“We do not learn from experience. We learn by reflecting on experience.“John Dewey
We know that the art of reflection is a critical part of the learning process. If we don’t learn from our experience, we will repeat the same patterns.
“Reflection opens up a clearing where desirable practice and the barriers that constrain its realisation can be unconcealed and where action can be planned to overcome the barriers whatever their source”Johns 2013
However, it occurs to me that we pay little time and attention to how we reflect, how we create this ‘clearing’ that Johns evokes.
In this article, I explore some following questions which I hope will support you to become curious about your own reflective practice.
- What are the barriers to critical reflection?
- What are the qualities needed to be reflective?
- What kind of reflective exercises will reveal new insight?
1. What are the barriers to critical reflection?
- You don’t understand the reflective process
- You may feel uncomfortable challenging and evaluating your own thoughts, feelings and behaviours
- It’s too time consuming
- You may be confused about which situations or experiences to reflect upon
- You may feel defensive or have a sense of professional arrogance
- You may have a lack of knowledge of practical models and techniques to use as a framework for self reflection.
Or something else?
Once you have noticed and accepted the barrier within you, it may be easier to move beyond it.
Or it may be necessary to explore this barrier further as part of your reflective practice, or with a coach, in order to bring it more into consciousness and move beyond it. As Freud’s metaphor of the human mind illustrates, most of what drives us, or constrains us, lives below the surface.
2. What are the qualities needed to be reflective?
John Dewey, author of ‘How We Think,’ identifies three qualities:
- Open-mindedness: the ability to step into different perspectives and to give them your full attention, whatever their source.
- Whole-heartedness: being present and wholly involved in the activity.
- Personal responsibility: accepting the outcomes of the reflective process and integrating the new learning.
It strikes me, particularly in relation to this final quality, that comfort with discomfort is being called for. The process may require us to shed hard won beliefs, ways of thinking and interacting with others that we perceive to underpin our identity. In other words, to truly reflect requires vulnerability, humility and regeneration. Exciting stuff.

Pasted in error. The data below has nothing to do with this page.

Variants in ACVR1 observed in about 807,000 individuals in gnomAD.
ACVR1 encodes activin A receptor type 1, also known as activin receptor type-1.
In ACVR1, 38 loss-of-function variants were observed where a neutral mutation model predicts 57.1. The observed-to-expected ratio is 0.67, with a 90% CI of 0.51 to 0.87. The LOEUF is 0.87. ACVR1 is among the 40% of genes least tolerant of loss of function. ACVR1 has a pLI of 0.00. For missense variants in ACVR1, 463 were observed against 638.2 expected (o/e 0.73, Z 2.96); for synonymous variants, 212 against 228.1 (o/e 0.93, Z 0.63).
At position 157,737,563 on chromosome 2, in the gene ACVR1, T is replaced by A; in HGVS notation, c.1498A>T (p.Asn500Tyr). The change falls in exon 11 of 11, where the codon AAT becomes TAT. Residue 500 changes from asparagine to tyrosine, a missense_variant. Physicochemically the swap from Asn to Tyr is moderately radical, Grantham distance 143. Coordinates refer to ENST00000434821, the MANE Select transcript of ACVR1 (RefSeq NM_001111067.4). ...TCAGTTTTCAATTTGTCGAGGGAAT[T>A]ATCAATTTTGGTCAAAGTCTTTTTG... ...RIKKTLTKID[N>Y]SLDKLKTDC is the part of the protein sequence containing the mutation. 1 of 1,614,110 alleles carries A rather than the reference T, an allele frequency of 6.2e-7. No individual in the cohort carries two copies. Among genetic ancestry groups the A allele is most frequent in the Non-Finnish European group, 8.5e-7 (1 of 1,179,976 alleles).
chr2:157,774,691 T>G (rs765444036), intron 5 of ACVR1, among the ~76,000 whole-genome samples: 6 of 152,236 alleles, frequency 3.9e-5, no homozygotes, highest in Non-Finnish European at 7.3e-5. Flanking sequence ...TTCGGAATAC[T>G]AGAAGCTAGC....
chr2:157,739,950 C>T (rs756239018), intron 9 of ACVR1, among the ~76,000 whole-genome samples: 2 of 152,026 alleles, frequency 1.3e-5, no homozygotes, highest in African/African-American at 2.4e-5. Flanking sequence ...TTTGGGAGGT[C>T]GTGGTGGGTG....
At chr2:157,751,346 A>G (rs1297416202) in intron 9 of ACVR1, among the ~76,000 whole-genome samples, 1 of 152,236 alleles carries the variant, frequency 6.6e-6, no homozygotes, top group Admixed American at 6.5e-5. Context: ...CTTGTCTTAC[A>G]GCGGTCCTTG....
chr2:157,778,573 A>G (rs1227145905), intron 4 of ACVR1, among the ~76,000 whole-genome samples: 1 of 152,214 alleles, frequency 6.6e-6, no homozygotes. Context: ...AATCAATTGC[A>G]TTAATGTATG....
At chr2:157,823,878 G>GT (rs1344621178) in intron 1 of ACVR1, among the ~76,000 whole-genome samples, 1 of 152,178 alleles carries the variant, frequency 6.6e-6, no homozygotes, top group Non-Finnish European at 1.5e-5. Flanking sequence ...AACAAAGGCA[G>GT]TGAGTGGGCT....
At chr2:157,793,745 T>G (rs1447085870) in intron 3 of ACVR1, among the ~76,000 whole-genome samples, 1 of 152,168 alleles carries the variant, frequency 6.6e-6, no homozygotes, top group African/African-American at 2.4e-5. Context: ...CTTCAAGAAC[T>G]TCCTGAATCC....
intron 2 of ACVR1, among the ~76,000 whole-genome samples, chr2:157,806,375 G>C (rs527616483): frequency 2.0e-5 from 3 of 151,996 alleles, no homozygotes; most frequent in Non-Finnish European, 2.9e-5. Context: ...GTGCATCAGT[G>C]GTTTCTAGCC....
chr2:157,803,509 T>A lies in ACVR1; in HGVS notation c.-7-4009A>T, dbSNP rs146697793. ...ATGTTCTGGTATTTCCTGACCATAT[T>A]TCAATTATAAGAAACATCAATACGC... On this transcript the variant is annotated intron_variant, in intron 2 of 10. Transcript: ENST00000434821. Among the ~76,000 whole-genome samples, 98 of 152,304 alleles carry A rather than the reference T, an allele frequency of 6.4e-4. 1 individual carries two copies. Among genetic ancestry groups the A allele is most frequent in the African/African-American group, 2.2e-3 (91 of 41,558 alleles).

3. What kind of reflective exercises will reveal new insight?
Mark guided us through several exercises, demonstrably dispelling the myth that reflection takes time. Here are a few to try:
- Automatic drawing
By creating an image automatically, it’s possible to bypass the cognitive realm. Put pen to paper and allow your hand to move freely and notice what emerges. Is there a symbol, motif or metaphor that reveals new insight?
- Perceptual Positions
If you are facing a difficult conversation, this technique might prevent you from getting stuck in one perspective. Spend three minutes writing from the perspective of each person in the situation. Then write from a ‘fourth position’ responding to the inquiry, ‘what is the new learning and wisdom you see from here?’
- Free Writing and Poetry
Write for five minutes about a situation you are facing or what’s present for you. When you’ve finished, go back and circle resonant words. What do you notice? From these words, create a poem to capture the essence of your reflections.
Throughout the session, Mark emphasised that ‘critical reflection’ has to be the convergence of thinking and action. In the words of Paolo Friere:
‘Reflection without action is sheer verbalism or armchair revolution and action without reflection is pure activism, or action for action’s sake’
So as a result of reading this, what are you committing to?
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